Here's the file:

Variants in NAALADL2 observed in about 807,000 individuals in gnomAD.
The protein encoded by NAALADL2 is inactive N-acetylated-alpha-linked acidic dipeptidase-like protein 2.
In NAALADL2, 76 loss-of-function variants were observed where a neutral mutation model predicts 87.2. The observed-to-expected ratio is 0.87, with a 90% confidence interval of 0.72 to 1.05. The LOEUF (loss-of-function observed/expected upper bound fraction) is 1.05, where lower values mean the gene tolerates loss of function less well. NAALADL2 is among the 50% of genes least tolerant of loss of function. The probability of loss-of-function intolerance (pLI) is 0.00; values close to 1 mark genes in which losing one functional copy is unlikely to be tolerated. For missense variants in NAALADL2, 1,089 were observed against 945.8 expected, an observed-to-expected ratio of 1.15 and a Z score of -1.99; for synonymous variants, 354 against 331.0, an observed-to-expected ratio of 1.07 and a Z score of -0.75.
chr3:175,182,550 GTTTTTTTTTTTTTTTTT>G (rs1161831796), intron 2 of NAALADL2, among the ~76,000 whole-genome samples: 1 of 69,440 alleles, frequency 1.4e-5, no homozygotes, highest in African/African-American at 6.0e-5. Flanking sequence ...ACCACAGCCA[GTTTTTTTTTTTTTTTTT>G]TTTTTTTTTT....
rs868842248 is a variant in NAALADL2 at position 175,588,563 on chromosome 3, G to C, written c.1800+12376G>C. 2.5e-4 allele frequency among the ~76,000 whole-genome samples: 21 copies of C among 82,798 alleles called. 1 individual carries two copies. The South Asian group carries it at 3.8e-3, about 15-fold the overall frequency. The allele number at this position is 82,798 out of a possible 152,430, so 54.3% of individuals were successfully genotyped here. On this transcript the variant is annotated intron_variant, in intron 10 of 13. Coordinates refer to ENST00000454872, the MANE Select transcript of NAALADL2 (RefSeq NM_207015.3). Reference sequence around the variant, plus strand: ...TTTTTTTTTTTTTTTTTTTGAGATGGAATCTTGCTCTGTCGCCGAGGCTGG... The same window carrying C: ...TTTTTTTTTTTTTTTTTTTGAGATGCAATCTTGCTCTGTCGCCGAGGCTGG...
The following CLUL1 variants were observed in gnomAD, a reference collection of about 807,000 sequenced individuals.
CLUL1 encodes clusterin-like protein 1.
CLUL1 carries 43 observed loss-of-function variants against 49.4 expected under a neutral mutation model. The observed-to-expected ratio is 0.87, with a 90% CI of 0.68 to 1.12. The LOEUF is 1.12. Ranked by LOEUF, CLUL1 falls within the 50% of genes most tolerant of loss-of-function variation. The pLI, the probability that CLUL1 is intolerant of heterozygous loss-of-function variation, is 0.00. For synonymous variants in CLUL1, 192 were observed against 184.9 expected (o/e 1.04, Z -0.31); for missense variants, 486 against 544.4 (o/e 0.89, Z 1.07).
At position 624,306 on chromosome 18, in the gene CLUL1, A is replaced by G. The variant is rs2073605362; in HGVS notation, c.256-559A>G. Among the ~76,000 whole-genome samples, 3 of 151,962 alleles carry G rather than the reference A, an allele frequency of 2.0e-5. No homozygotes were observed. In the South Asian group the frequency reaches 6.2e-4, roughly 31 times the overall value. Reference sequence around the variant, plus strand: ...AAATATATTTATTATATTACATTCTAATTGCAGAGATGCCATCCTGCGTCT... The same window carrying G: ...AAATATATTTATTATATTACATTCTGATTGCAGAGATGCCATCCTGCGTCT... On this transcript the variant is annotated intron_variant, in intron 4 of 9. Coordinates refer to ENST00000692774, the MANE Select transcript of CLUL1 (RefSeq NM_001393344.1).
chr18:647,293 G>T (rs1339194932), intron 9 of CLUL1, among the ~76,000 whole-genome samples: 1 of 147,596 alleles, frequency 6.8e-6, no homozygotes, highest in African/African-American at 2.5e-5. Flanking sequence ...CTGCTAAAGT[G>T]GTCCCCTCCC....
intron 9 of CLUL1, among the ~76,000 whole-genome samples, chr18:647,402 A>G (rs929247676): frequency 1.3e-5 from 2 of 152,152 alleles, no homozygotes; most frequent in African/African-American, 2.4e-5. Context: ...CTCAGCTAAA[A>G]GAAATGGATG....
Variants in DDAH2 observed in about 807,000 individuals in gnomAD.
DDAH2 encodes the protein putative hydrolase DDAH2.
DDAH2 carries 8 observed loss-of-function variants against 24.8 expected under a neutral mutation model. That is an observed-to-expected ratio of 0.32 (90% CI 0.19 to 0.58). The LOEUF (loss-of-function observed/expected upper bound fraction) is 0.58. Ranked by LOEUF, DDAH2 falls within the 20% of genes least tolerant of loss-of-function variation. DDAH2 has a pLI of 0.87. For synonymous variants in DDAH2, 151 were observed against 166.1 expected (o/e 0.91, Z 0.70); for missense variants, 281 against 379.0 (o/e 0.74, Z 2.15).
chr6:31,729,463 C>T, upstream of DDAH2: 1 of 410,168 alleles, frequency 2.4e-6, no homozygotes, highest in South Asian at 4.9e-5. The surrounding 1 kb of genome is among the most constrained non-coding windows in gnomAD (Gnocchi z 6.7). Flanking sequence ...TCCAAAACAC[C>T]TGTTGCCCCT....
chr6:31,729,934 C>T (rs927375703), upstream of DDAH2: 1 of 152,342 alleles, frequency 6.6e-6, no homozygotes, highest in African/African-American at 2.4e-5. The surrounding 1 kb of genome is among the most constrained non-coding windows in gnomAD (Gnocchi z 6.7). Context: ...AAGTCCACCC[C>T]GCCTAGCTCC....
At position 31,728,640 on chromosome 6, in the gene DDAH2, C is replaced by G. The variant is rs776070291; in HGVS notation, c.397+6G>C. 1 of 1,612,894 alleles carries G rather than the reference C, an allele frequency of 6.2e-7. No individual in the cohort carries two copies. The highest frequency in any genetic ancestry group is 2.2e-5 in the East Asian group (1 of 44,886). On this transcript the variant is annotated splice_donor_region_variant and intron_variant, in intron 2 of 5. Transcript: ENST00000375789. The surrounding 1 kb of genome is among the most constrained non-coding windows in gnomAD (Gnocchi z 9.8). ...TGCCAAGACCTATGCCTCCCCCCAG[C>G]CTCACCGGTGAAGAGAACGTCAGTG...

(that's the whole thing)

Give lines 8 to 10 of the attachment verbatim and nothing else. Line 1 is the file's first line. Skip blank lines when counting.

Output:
CLUL1 carries 43 observed loss-of-function variants against 49.4 expected under a neutral mutation model. The observed-to-expected ratio is 0.87, with a 90% CI of 0.68 to 1.12. The LOEUF is 1.12. Ranked by LOEUF, CLUL1 falls within the 50% of genes most tolerant of loss-of-function variation. The pLI, the probability that CLUL1 is intolerant of heterozygous loss-of-function variation, is 0.00. For synonymous variants in CLUL1, 192 were observed against 184.9 expected (o/e 1.04, Z -0.31); for missense variants, 486 against 544.4 (o/e 0.89, Z 1.07).
At position 624,306 on chromosome 18, in the gene CLUL1, A is replaced by G. The variant is rs2073605362; in HGVS notation, c.256-559A>G. Among the ~76,000 whole-genome samples, 3 of 151,962 alleles carry G rather than the reference A, an allele frequency of 2.0e-5. No homozygotes were observed. In the South Asian group the frequency reaches 6.2e-4, roughly 31 times the overall value. Reference sequence around the variant, plus strand: ...AAATATATTTATTATATTACATTCTAATTGCAGAGATGCCATCCTGCGTCT... The same window carrying G: ...AAATATATTTATTATATTACATTCTGATTGCAGAGATGCCATCCTGCGTCT... On this transcript the variant is annotated intron_variant, in intron 4 of 9. Coordinates refer to ENST00000692774, the MANE Select transcript of CLUL1 (RefSeq NM_001393344.1).
chr18:647,293 G>T (rs1339194932), intron 9 of CLUL1, among the ~76,000 whole-genome samples: 1 of 147,596 alleles, frequency 6.8e-6, no homozygotes, highest in African/African-American at 2.5e-5. Flanking sequence ...CTGCTAAAGT[G>T]GTCCCCTCCC....